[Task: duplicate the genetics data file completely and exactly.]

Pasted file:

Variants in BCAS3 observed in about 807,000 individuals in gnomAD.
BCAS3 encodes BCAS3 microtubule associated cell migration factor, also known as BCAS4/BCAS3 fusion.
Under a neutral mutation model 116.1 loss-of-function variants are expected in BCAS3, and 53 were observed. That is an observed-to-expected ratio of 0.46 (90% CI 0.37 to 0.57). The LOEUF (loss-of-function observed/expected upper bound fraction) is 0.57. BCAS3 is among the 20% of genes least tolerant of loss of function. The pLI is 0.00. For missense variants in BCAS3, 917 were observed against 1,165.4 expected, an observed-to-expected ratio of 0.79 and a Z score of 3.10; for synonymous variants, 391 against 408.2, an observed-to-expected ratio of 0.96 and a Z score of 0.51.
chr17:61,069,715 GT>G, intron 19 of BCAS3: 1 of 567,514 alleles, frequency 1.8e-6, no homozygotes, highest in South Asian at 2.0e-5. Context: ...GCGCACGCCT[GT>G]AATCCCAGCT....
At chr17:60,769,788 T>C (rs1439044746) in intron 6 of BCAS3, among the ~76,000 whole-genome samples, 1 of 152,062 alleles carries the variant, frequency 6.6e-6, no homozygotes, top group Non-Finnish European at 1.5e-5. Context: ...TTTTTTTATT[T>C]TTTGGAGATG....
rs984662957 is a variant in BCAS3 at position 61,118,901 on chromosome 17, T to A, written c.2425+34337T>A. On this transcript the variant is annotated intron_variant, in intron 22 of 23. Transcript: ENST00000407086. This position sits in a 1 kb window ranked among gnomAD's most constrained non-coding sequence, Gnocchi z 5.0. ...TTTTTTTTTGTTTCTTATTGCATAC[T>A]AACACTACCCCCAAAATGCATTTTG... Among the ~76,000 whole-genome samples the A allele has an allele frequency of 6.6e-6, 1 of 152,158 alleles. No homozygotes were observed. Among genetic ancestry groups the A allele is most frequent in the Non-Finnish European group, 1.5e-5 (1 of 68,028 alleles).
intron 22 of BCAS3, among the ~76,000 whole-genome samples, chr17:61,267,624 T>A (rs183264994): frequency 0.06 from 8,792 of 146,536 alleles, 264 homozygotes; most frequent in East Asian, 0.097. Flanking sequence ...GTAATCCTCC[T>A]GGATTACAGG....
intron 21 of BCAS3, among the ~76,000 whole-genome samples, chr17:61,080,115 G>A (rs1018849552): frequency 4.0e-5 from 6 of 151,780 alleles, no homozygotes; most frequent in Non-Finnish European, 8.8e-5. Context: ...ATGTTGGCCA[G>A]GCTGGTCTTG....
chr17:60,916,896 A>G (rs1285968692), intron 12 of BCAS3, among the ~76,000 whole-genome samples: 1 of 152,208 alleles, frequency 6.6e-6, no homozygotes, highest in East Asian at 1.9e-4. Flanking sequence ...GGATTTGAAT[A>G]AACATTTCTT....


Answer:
Variants in BCAS3 observed in about 807,000 individuals in gnomAD.
BCAS3 encodes BCAS3 microtubule associated cell migration factor, also known as BCAS4/BCAS3 fusion.
Under a neutral mutation model 116.1 loss-of-function variants are expected in BCAS3, and 53 were observed. That is an observed-to-expected ratio of 0.46 (90% CI 0.37 to 0.57). The LOEUF (loss-of-function observed/expected upper bound fraction) is 0.57. BCAS3 is among the 20% of genes least tolerant of loss of function. The pLI is 0.00. For missense variants in BCAS3, 917 were observed against 1,165.4 expected, an observed-to-expected ratio of 0.79 and a Z score of 3.10; for synonymous variants, 391 against 408.2, an observed-to-expected ratio of 0.96 and a Z score of 0.51.
chr17:61,069,715 GT>G, intron 19 of BCAS3: 1 of 567,514 alleles, frequency 1.8e-6, no homozygotes, highest in South Asian at 2.0e-5. Context: ...GCGCACGCCT[GT>G]AATCCCAGCT....
At chr17:60,769,788 T>C (rs1439044746) in intron 6 of BCAS3, among the ~76,000 whole-genome samples, 1 of 152,062 alleles carries the variant, frequency 6.6e-6, no homozygotes, top group Non-Finnish European at 1.5e-5. Context: ...TTTTTTTATT[T>C]TTTGGAGATG....
rs984662957 is a variant in BCAS3 at position 61,118,901 on chromosome 17, T to A, written c.2425+34337T>A. On this transcript the variant is annotated intron_variant, in intron 22 of 23. Transcript: ENST00000407086. This position sits in a 1 kb window ranked among gnomAD's most constrained non-coding sequence, Gnocchi z 5.0. ...TTTTTTTTTGTTTCTTATTGCATAC[T>A]AACACTACCCCCAAAATGCATTTTG... Among the ~76,000 whole-genome samples the A allele has an allele frequency of 6.6e-6, 1 of 152,158 alleles. No homozygotes were observed. Among genetic ancestry groups the A allele is most frequent in the Non-Finnish European group, 1.5e-5 (1 of 68,028 alleles).
intron 22 of BCAS3, among the ~76,000 whole-genome samples, chr17:61,267,624 T>A (rs183264994): frequency 0.06 from 8,792 of 146,536 alleles, 264 homozygotes; most frequent in East Asian, 0.097. Flanking sequence ...GTAATCCTCC[T>A]GGATTACAGG....
intron 21 of BCAS3, among the ~76,000 whole-genome samples, chr17:61,080,115 G>A (rs1018849552): frequency 4.0e-5 from 6 of 151,780 alleles, no homozygotes; most frequent in Non-Finnish European, 8.8e-5. Context: ...ATGTTGGCCA[G>A]GCTGGTCTTG....
chr17:60,916,896 A>G (rs1285968692), intron 12 of BCAS3, among the ~76,000 whole-genome samples: 1 of 152,208 alleles, frequency 6.6e-6, no homozygotes, highest in East Asian at 1.9e-4. Flanking sequence ...GGATTTGAAT[A>G]AACATTTCTT....